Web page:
Five Ways Adoptive Parents Can Bond With Their Newborn

Five ways adoptiove families can bopnd with their newborn
Adoption is a beautiful way to expand your family and fill your life with joy. You are giving a child a bright future because of their caring birth mother’s decision. However, adoptive parents still have some very unique challenges.

One of the first they face is how to start bonding with their baby. Bonding with your adopted newborn takes work and dedication, not unlike many other aspects of parenting.

When you adopt a baby your life will change dramatically, so adjustments must be made. Here are 5 ways to bond with your newly-adopted baby:

  1. Stay Close to Baby
  2. Simply stay close to your baby during those first months of its life. All newborns are trying to adjust to their new environment outside the womb. They require some extra comforting and can feel alone. You may be feeling out of sorts as well. But that close bond you’ll form will quickly grow as you stay near your baby throughout the first year of life.

    Make sure to hold, walk with, feed, and burp your baby. Many parents enjoy taking the baby out for a day of shopping. This can be done using a stroller, sling, or wrap. Your baby is safe and secure while mom and dad get some quality bonding time.

    Try wearing your baby in front of you using a wrap or Ergo. Begin when you first bring your baby home, then even up to a year old. Your baby can join you as you cook, take walks, and clean, and your baby will love it.

  3. Skin-to-Skin Contact
  4. This method comes with incredible benefits for newborns and new mothers alike. It works very well, yet it is effortless. Strip your baby down to a diaper, then remove your shirt or blouse and hold your baby next to your skin for a few moments. Mothers who breastfeed can easily practice skin-to-skin contact, but there’s no reason why the whole family can’t be involved. Babies feel calm and at peace when there’s a loving, nurturing human near them.

  5. Make Eye Contact
  6. Good eye contact is essential, but it does take some thoughtful effort. Since newborn babies are nearsighted, they can only see objects up to 16 inches away. Infants would rather look at faces over another object, and your baby is building a memory of your face every time you exchange gazes. Hold your baby about 8 to 15 inches away from your face and then simply smile or speak in low tones.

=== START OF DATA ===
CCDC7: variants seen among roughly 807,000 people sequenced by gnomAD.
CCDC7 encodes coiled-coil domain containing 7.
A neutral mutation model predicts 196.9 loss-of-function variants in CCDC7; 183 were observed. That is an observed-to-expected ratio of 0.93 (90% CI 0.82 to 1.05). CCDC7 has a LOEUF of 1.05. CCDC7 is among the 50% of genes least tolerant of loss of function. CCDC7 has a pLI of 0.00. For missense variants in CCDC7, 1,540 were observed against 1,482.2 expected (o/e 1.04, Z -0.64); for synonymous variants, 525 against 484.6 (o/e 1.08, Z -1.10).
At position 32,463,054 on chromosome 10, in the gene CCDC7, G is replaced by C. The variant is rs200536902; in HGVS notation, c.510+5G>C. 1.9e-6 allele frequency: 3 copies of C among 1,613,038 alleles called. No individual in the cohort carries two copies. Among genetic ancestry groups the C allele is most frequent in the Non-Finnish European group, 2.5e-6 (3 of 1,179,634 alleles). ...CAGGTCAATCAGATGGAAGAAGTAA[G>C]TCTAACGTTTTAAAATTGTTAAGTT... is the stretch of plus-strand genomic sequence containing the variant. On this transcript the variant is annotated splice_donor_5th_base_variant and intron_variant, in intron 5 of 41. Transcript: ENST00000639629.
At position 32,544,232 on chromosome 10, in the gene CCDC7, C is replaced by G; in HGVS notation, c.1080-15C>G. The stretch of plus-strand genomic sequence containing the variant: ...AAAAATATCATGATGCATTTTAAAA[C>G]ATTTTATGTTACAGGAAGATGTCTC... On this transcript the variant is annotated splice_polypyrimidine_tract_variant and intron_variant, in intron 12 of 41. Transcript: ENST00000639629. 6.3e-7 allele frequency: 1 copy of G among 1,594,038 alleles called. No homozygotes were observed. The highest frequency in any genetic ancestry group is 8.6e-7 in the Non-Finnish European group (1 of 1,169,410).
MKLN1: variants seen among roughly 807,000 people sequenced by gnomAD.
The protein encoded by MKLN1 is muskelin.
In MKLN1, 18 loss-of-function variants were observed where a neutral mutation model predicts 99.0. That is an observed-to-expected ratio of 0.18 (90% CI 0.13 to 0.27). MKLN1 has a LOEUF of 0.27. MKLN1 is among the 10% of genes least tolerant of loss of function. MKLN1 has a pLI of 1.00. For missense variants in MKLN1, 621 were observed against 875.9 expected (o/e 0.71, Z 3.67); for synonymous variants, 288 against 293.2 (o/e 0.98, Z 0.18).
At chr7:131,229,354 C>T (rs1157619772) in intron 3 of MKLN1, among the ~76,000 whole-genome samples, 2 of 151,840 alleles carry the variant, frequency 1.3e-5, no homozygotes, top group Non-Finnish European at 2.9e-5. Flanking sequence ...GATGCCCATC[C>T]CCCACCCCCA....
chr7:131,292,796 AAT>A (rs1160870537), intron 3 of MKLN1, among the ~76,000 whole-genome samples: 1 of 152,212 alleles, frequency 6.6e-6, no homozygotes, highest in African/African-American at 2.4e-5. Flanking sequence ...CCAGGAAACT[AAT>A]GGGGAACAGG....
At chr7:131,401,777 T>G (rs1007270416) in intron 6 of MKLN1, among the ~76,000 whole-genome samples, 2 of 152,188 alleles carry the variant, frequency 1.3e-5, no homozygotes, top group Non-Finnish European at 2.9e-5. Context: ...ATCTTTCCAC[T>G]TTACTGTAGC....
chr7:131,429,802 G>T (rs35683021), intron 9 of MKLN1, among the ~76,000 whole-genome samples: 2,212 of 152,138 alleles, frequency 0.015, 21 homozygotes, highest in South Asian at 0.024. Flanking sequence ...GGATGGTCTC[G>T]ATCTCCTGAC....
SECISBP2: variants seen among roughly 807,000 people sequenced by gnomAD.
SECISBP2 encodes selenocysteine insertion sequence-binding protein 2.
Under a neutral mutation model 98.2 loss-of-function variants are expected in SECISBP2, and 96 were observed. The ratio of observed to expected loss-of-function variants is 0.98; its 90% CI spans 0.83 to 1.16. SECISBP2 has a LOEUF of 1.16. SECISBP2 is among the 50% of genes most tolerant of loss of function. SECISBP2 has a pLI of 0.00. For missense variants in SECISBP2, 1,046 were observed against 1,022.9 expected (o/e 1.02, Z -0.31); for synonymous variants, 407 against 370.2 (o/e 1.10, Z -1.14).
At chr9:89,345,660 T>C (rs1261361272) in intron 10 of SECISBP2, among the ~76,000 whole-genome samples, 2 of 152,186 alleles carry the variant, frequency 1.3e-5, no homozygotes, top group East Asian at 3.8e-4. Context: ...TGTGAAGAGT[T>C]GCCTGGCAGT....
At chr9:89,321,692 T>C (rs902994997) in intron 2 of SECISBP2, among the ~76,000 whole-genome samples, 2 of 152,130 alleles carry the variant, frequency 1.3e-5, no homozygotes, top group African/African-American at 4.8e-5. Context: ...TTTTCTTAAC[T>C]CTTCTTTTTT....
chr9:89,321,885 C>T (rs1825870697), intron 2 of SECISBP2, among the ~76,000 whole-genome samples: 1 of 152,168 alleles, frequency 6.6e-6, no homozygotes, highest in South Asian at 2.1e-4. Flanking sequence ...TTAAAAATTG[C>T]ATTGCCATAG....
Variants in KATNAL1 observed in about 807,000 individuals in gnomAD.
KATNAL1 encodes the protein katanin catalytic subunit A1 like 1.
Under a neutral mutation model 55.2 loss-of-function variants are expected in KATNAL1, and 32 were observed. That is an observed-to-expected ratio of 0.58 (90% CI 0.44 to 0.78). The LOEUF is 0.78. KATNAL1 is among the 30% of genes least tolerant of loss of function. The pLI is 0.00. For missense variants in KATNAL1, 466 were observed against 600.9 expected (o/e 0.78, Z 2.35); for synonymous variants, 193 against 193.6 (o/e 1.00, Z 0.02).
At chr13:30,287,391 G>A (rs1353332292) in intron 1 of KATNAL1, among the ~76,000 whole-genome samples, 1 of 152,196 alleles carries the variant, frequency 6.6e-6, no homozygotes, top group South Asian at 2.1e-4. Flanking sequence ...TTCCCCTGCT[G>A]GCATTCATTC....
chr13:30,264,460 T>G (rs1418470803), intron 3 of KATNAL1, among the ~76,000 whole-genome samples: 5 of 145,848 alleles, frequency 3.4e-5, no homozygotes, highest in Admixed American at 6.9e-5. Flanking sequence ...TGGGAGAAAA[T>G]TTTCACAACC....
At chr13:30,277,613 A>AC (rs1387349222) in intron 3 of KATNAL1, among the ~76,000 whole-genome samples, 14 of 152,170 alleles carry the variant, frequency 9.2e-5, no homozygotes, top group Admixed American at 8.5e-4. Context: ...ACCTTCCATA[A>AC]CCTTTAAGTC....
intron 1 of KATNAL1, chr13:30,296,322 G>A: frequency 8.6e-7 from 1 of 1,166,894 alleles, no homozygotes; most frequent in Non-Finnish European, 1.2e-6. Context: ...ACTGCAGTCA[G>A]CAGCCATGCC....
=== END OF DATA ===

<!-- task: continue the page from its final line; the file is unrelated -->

7. Talk to Baby
  8. Always speak calmly to your baby in a soft voice. Never shout or make sudden moves, since babies are sensitive to loud sounds. They can become alarmed if there’s a noisy commotion going on nearby. Make sure your speech is soft, gentle, and reassuring. Loud noises or shouting cause stress, but peaceful words of love help them feel accepted and nurtured.
    5 ways to bond with newborn

  9. Infant Massage
  10. Many pediatricians recommend infant massage, and it doesn’t require any special skills. Simply stroke your baby’s back, legs, and arms with very gentle movements. And don’t forget the fingers and toes. Regular infant massage can improve sleep patterns and digestion. These first interactions between the baby and its new family are important building blocks in her life. Some pediatricians believe that this also helps your baby to develop a kinder and loving personality.

    Bath time is the best time for infant massage. Be sure to make eye contact and speak to your baby in low, gentle tones. All children need confirmation that they’re loved and accepted just the way they are.

Bonding Offers Lifelong Benefits

When we go off to work, many new parents feel like they’re losing touch with their new baby. So, take extra time to stay connected. These early efforts you and your spouse make to bond with your baby will pay off as your relationship with this new member of the family begins to blossom. Parents are creating memories that can last a lifetime. In addition, they’re helping the child grow into a confident individual who knows he or she is loved.

Research shows that you can pass on your temperament to your baby through your own behavior and childrearing style. This has nothing to do with genetics. We’re simply teaching our children by the way they see us behave. Kids will imitate the behavior of their parents and even siblings. That makes it all the more important for our children to grow up seeing us be kind, gentle, and forgiving.

Lifetime Adoption Supports families and encourages bonding early.
Mardie Caldwell, COAP
Adoptive Mother and Adoption professional
For more information about adoption, call 1-800-923-6784.


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